By Veracia Ankrah
Posted on January 14, 2022
A global pandemic has forced the world to slow down, reevaluate everything from our mundane daily routines to questioning our purpose on earth, all the while reimagining what life post-pandemic will entail. As the case may be, you may have rendered parts of your hygienic routines insignificant, like showers–who needs those anyway? Depending on your cultural background and race, that last sentence was either genuinely baffling or simply a statement you did not feel the need to read again. Chances are, if you are reading this and are Black, you paused because carefully cleansing your body is a sacred ritual, passed down from generation to generation, met with a fast gesture that might make you flinch, should you dare question taking a shower by a parent or guardian. White people neglecting personal hygiene is not a new phenomenon appearing in lockdown but rather a normalized practice. They learned to clean their bodies by Black people, even though they never fully embraced the art.
In the 10th century, around 800 C.E, Indigenous Africans, known as Moors, brought hygienic practices to Europe. Everything from brushing teeth, wearing deodorant and scented oils as perfumes, shaving and, you guessed it, showering were all self-care principles created by Black people. The Moors invaded Spain and a man born from a freed enslaved Ethiopian named Ziryab is credited as the innovator responsible for not only introducing hygiene but even helping Europeans learn to eat coursed meals in one sitting, discover crops such as sugar, wheat and fruits, learn about spices and how to store them so that they could last up to 100 years. Ancient African culture and practices are not innate to Europeans but were introduced and adopted, although Europeans prefer to let the world believe they introduced these practices to us during an era of enlightenment. Even in said enlightenment, many white people refused to cleanse their entire bodies regularly with water and soap.
Many white celebrities have taken to social media and public platforms sharing that they do not feel the need to shower daily or find it completely necessary. Ashton Kutcher and Mila Kunis practically bragged about only bathing themselves and their children when they were visibly dirty or when they began to reek of unpleasant odours. Jake Gyllenhaal chimed in on the cringeworthy discussions saying, “more and more, I find bathing to be less necessary” he boldly professed. “At times, I do also think that there’s a whole world of not bathing that is also really helpful for skin maintenance, and we naturally clean ourselves.” It isn’t just celebrities either. White people have been admitting to not washing their legs in the shower or, as in a viral tweet that sparked much of this shower debate, only washing their face and armpits with soap and showering once or twice a week. White people choosing to share their hygienic practices isn’t so much of an issue as their privilege, which allows them to escape the treatment and ridicule Black and other people of colour experience when our hygienic practices aren’t considered social norms.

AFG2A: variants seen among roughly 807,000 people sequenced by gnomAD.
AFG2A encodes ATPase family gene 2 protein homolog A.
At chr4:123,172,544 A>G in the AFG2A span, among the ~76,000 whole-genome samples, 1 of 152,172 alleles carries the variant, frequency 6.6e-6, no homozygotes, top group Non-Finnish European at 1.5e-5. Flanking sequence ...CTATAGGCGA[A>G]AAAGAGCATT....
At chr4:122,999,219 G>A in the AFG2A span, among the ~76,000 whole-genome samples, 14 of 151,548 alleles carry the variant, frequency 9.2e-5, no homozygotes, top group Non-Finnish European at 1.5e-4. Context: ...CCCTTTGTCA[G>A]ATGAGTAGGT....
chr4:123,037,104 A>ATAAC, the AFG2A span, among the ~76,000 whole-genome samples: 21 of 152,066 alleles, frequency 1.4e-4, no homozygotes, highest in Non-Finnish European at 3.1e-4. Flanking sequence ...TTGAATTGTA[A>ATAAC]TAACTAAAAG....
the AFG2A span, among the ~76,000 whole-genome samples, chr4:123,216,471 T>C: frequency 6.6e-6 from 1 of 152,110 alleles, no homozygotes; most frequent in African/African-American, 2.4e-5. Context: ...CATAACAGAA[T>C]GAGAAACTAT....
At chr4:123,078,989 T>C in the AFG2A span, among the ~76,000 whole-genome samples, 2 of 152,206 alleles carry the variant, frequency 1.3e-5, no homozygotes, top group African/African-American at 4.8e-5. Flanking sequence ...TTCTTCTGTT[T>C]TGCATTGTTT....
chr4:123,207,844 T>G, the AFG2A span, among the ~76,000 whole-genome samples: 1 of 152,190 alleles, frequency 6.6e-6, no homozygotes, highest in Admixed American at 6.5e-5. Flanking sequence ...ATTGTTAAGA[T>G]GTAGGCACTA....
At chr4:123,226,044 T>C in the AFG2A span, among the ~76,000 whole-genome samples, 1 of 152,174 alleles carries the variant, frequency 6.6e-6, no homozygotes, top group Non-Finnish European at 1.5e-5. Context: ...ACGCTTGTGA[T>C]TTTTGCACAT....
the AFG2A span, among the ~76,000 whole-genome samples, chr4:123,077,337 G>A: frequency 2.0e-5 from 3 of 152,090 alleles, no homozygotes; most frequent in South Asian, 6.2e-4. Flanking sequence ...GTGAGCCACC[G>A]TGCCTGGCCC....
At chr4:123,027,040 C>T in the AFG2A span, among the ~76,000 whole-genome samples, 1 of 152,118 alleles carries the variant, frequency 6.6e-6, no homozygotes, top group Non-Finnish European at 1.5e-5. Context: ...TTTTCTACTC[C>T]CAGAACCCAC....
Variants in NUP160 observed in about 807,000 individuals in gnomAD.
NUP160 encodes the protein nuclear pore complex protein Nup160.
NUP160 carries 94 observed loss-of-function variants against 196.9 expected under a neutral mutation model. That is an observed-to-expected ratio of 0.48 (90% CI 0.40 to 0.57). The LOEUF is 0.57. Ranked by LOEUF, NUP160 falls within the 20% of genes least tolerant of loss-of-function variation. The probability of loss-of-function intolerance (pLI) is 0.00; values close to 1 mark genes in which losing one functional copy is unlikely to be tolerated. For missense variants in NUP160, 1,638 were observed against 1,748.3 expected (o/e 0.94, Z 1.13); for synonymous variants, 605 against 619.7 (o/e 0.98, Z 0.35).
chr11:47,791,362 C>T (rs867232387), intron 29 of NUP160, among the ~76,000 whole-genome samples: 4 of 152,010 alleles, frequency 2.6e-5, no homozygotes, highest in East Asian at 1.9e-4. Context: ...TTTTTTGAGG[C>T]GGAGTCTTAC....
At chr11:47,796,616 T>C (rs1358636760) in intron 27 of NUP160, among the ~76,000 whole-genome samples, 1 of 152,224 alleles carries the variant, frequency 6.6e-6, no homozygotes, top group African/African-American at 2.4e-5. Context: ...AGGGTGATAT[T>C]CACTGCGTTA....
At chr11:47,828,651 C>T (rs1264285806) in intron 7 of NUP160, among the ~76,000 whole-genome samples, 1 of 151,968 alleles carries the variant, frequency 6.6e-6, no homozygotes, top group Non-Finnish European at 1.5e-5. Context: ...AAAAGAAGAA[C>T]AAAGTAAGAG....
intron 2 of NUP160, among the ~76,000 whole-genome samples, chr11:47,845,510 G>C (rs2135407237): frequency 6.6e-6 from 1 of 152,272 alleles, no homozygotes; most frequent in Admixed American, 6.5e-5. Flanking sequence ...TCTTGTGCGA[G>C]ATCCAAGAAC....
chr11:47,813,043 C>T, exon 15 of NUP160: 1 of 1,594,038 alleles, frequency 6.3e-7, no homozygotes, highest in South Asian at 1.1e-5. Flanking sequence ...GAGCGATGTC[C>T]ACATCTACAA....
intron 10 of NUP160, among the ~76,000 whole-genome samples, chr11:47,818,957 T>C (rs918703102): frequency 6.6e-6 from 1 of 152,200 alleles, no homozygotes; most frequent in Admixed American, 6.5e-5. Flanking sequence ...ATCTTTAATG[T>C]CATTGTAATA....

For Black people, being “clean” and appearing well-kept is not only something we take pride in by way of tradition but, over the years, has played into our learned behaviours in assimilating into colonized cultures and appearing acceptable to white social norms. Classism would have it that whiteness and white people, often considered affluent and middle class by way of skin colour, disassociate from working-class citizens, who happen to be people of colour and are associated with uncleanliness, poverty and even disease. Black people presenting in a way that is palatable to colonizers is a survival tactic to continue to exist in a world that deems our appearance and culture as less than theirs.
Black hair care practices are constantly questioned by white people who aren’t aware of our tightly coiled textures, prone to dryness and breakage and why washing our hair daily will strip our hair of its natural oils. In the same way, white celebrities admit they feel their skin is stripped by taking daily showers because many also fail to regularly use body lotion. Yet their new findings are met with humour and curiosity where Black people’s routines are regarded with disgust and confusion. White people will likely continue to not wash their chicken, cook their foods without the seasoning the Moors taught them and take fewer showers, all the while othering Black cleansing practices. At this rate, instead of feeding into the news cycle’s outrage online, Black people should look the other way.